I walked past the shops looking at my reflection in the windows wondering if I had made the mistake of not dressing up for the occasion. In retrospect, it sounds a bit funny but really, how was I suppose to know what to wear while ring shopping. I mean, in every major event of my life someone has told me that I should be tucking in my shirt or wearing a tie or nicer shoes so it wouldn’t be a stretch to think maybe I should be dressed a little nicer when spending thousands of dollars.
I opened the door to the jeweler and began looking around without knowing what I was looking for. Like the day after a serious party and not knowing where to even begin to clean. Eventually, a woman approached me and asked what I was looking for. After almost apologetically explaining my intent, she seemed to be more than happy to help. Possibly in the way you just want to help a newborn fawn learn to walk. She made me feel comfortable and after showing me a handful of rings in my price range, she asked if this was the first engagement ring I was planning to purchase. Something about that question knocked the wind from me. My eyes grew wide and I was suddenly aware of my surroundings. I played it cool but that question threw me off. Something about saying, “Yes,” shined a clarity on the situation and all of a sudden I felt short of breath. I entertained her questions and thanked her for her time and walked out of the store. I still remember the weight of the worry as I took the escalator down to the street level.
What had I been thinking? I am not a man with money, especially one who has thousands to throw around. I didn’t even believe in the facade the diamond industry had forced upon society or the archaic concept of marriage in the first place – but it was what would have made her happy. I knew she wouldn’t think my love was real and lasting unless I put a ring on her finger. It really is a shame what the wedding industry has done to the expectation of people and their construct of modern love.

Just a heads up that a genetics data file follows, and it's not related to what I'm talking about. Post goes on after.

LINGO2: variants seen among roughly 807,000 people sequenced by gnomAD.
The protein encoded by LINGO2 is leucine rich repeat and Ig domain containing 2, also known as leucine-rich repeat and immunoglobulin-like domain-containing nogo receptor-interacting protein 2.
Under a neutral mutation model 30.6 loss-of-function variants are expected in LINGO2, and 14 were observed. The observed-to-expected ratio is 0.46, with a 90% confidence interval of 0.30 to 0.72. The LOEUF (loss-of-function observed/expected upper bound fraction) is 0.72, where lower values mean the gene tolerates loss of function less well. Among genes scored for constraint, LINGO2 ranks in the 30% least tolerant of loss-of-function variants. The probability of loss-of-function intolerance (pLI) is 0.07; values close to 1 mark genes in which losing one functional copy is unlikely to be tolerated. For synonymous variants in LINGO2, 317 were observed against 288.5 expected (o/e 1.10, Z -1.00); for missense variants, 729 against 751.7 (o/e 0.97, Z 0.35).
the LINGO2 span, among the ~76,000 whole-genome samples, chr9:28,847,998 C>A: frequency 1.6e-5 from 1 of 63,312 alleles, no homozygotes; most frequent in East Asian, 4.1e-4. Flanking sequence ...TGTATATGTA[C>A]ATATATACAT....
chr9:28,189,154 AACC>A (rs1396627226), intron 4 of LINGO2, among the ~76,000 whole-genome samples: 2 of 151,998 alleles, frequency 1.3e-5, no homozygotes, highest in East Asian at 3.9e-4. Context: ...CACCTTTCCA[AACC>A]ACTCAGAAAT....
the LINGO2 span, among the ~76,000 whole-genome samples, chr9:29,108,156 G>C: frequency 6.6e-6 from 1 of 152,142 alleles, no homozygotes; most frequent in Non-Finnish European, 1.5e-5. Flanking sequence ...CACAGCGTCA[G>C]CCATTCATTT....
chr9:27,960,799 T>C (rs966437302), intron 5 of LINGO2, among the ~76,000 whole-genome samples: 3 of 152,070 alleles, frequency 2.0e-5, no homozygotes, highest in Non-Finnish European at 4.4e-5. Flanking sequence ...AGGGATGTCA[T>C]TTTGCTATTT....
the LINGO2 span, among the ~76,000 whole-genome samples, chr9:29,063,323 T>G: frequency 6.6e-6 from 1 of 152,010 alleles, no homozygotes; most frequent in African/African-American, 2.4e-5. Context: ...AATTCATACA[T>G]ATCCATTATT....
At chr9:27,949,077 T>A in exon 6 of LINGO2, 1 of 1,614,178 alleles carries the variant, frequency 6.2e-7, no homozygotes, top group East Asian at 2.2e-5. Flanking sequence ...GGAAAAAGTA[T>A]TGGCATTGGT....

But I was so in love that I was willing to put aside my stance in order to make her happy. Because I loved her so much and so hard, with an intensity I had never felt before, that I was willing to offer up an entire year’s worth of rent money to demonstrate my love. Now, I could go on and on about how a ring doesn’t intensify anyone’s love and it is only an illusion of security because anyone can walk out of a relationship at any moment and if feeling trapped or the difficulty of divorce is less appealing than sticking around in an unhealthy relationship – well, again, we really need to reexamine our definitions of trust in the love we give and faith in the love we receive. But that is not what this is about.
This is about a man who was walking down Michigan Avenue, shaken to his core about what he almost did. He almost bought a ring for a relationship that didn’t have a solid foundation – which is probably the number one reason why marriages fail. Because you can’t build a house without a foundation. You can’t put the framework of a house on grass and dirt if you expect it to last. You need to pour and solidify a solid foundation before you can even begin thinking about window treatments and wall sconces.
Oh, there was no doubt that I was in love with her. More than anyone who had ever come before. My love was unwavering – to an unhealthy extent. I allowed her to continually make me feel less than. To make me feel unloved and unappreciated. I say that I “allowed” this because I stayed. People will always compromise in relationships – well, at least the good ones. But there is a difference between compromise and sacrifice, and no one should be willing to sacrifice who they are or what they believe in simply because they are in love. Because while we love other people, we should equally love ourselves just as much.